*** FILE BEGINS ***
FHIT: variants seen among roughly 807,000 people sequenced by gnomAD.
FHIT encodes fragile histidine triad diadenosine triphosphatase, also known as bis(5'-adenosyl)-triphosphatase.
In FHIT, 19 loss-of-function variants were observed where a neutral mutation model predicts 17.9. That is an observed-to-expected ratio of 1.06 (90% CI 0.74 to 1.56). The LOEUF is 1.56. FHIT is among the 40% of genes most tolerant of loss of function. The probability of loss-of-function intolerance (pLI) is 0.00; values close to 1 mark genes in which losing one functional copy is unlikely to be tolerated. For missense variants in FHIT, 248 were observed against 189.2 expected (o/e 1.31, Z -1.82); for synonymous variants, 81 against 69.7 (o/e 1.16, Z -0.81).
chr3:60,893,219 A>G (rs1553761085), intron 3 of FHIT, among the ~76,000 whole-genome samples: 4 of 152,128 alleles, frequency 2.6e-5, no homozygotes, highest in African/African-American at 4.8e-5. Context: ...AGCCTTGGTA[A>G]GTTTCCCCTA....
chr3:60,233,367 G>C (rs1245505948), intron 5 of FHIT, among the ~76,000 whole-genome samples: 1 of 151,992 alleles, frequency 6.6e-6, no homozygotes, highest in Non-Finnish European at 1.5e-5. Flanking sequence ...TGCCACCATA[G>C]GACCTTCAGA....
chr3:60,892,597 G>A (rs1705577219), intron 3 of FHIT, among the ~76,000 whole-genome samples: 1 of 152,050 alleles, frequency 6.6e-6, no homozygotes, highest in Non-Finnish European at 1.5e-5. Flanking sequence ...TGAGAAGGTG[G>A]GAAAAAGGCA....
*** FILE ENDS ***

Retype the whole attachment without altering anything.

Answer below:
FHIT: variants seen among roughly 807,000 people sequenced by gnomAD.
FHIT encodes fragile histidine triad diadenosine triphosphatase, also known as bis(5'-adenosyl)-triphosphatase.
In FHIT, 19 loss-of-function variants were observed where a neutral mutation model predicts 17.9. That is an observed-to-expected ratio of 1.06 (90% CI 0.74 to 1.56). The LOEUF is 1.56. FHIT is among the 40% of genes most tolerant of loss of function. The probability of loss-of-function intolerance (pLI) is 0.00; values close to 1 mark genes in which losing one functional copy is unlikely to be tolerated. For missense variants in FHIT, 248 were observed against 189.2 expected (o/e 1.31, Z -1.82); for synonymous variants, 81 against 69.7 (o/e 1.16, Z -0.81).
chr3:60,893,219 A>G (rs1553761085), intron 3 of FHIT, among the ~76,000 whole-genome samples: 4 of 152,128 alleles, frequency 2.6e-5, no homozygotes, highest in African/African-American at 4.8e-5. Context: ...AGCCTTGGTA[A>G]GTTTCCCCTA....
chr3:60,233,367 G>C (rs1245505948), intron 5 of FHIT, among the ~76,000 whole-genome samples: 1 of 151,992 alleles, frequency 6.6e-6, no homozygotes, highest in Non-Finnish European at 1.5e-5. Flanking sequence ...TGCCACCATA[G>C]GACCTTCAGA....
chr3:60,892,597 G>A (rs1705577219), intron 3 of FHIT, among the ~76,000 whole-genome samples: 1 of 152,050 alleles, frequency 6.6e-6, no homozygotes, highest in Non-Finnish European at 1.5e-5. Flanking sequence ...TGAGAAGGTG[G>A]GAAAAAGGCA....